Costs are one point to be discussed. Another interesting aspect of cost analysis is the financial benefit of treating a specific disease or injury. While the complete costs were equal in this cohort (TR: 1707.92 ±713.48€ vs. KW: 2150.9 ±75.41€, n.s.), hospital proceeds were significantly higher in the KW group (TR: 1784.6 ±377.71€ vs. KW: 2279 ±411.22€, p = 0.021). This fact has to be discussed critically. Due to its novelty, the tight rope technique is not frequently used yet and therefore is not adequately reflected within the DRG system. Unlike the tight rope technique, K-wire fixation is more often performed by sewing the ruptured ligaments. Using either procedure will make a difference in coding the DRG. Also, patients from the TR group were discharged 1.5 times earlier, therefore not causing stationary costs that could be reimbursed. Nevertheless, analyzing costs and proceeds did not show a significant drawback by using either procedure (Figure 2). However, a strong point to keep in mind is the follow-up costs for K-wire removal once healing is achieved. A second surgical intervention is necessary in these patients and is either carried out in an ambulant or stationary situation. Even if costs and proceeds vary at this point, using K-wire fixation will cause follow-up costs, unlike using the tight rope technique.

Aftercare was identical in both groups. The costs for physiotherapy did not vary significantly, which can be tracked back to satisfying results on the one hand and limitations in prescribing follow-up treatment on the other. It was not expected to find huge variations in costs here. Due to the physical status of the patients and the good prognosis of the injury pattern, aftercare is also less complex than in other traumatic injuries.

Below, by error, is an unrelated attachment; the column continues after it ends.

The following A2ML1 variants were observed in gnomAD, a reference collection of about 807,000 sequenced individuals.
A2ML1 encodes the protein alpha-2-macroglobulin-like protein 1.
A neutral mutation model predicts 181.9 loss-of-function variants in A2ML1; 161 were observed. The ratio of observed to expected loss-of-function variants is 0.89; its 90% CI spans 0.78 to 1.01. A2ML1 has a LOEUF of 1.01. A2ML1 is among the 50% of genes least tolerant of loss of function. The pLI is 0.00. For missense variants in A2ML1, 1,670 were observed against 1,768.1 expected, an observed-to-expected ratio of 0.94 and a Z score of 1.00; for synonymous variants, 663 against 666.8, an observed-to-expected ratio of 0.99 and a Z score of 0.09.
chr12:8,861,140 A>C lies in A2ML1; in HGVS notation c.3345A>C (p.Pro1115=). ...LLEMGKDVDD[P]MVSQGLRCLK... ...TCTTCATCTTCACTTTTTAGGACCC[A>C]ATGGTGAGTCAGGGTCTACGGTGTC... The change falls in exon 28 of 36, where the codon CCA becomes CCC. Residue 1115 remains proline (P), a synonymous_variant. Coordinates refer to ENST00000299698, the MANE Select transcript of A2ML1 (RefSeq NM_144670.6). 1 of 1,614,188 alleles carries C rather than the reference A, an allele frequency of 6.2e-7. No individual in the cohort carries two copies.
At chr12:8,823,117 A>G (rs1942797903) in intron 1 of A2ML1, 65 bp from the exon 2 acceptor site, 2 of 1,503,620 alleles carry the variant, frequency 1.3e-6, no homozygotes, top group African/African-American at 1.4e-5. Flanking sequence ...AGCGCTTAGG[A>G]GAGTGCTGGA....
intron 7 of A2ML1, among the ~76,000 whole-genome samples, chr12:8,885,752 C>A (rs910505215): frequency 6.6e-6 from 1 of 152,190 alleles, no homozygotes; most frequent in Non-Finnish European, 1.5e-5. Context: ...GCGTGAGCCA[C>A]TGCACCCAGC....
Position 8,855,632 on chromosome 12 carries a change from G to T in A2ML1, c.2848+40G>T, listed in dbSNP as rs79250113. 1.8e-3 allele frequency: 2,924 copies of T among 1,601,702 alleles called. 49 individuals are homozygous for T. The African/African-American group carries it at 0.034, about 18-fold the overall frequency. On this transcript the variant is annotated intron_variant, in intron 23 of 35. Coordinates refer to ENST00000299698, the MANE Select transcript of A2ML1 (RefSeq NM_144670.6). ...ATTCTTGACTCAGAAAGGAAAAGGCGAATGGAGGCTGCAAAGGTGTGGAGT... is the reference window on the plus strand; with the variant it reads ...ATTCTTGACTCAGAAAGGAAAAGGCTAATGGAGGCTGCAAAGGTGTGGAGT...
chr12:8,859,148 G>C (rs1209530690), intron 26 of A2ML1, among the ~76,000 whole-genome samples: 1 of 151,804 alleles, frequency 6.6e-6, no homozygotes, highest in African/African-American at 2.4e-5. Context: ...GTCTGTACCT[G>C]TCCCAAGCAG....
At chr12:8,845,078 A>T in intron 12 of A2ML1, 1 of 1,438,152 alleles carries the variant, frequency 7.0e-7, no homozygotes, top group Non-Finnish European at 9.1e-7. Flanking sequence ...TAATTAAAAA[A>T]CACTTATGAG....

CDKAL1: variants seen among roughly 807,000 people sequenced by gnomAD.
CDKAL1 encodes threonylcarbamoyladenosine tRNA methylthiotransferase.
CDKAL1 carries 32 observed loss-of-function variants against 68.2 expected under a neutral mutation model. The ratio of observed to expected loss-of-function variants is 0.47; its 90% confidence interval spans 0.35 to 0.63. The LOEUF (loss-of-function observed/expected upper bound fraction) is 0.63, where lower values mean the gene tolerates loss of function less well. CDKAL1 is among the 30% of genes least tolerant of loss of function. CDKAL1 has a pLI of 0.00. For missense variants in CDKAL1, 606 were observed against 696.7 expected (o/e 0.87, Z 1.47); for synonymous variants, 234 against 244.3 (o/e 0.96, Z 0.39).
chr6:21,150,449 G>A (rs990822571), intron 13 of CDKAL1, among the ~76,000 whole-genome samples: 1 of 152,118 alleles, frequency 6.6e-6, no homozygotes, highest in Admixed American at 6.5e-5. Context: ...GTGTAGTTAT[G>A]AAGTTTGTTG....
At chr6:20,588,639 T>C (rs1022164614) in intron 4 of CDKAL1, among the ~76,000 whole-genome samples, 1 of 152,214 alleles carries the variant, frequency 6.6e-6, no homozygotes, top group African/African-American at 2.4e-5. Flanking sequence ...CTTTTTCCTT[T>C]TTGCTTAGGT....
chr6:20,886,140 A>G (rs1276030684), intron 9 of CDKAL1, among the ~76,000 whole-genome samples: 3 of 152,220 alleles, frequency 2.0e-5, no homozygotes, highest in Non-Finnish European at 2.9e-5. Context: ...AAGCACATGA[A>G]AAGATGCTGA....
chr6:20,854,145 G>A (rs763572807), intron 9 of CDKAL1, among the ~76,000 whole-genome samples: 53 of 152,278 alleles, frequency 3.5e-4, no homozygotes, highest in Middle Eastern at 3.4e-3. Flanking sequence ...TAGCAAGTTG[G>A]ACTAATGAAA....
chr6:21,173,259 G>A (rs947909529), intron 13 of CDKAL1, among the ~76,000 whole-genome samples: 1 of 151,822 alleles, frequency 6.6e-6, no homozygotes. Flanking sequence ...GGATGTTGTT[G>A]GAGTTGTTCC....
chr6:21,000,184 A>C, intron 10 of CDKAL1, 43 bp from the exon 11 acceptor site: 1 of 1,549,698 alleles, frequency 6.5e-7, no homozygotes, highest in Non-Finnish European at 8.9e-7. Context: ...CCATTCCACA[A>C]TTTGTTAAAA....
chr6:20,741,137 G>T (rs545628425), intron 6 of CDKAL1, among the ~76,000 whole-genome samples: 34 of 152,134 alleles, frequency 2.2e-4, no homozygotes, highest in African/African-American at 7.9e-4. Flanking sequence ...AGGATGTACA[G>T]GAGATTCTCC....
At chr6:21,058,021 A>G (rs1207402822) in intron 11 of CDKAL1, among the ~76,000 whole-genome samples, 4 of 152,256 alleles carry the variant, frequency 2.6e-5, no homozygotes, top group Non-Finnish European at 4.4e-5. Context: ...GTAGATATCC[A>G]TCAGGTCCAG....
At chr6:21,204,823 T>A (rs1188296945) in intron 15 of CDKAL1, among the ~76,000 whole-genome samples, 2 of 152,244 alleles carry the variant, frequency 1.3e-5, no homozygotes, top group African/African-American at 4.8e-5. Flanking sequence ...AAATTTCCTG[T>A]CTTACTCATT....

Severe complications (i.e. a fracture of the clavicle or nerve damage) occurred in neither of the groups. The early loss of reduction was seen in the TR group (n = 1), but failures and loss of reduction are common problems when using the tight rope technique [25]. Ongoing studies are currently trying to identify the cause. One problem could be the indication, as it is possible that the suture is not adequate for hypermobile AC joint luxation [26]. Other publications have tried to reveal the outcome of using a double-bundle technique [18]. Migrating K-wires were recorded in 4 cases and led to the loss of reduction in one case. Impaired wound healing was seen in two cases within the TR group and impingement syndrome was recorded once within the KW group.

Overall, patients in the TR group tended to complete treatment earlier (49.4 ±30.7d vs 107.6 ±120.2d, n.s.), and their appearance for follow-up visits was increased (4.8 ±3.8 vs 1.5 ±2.4, p = 0.028). Proceeds for follow-up visits were higher in the TR group. The reason that patients in the KW group completed their treatment later can be explained by the second surgical intervention they received. K-wires need to be removed, which normally happens about six weeks after the first operation. Press et al. found that patients did not received surgery returned back to work after 0.8 months compared to 2.6 in those that were operated [27]. Our results show that treatment in the KW group lasted about 3.5 months. Treatment in the TR group was completed almost half of the time compared to the KW group and patients could return back to work. The higher rate of follow-up visits in the TR group is not reliable, due to the fact that patients were scheduled irregularly.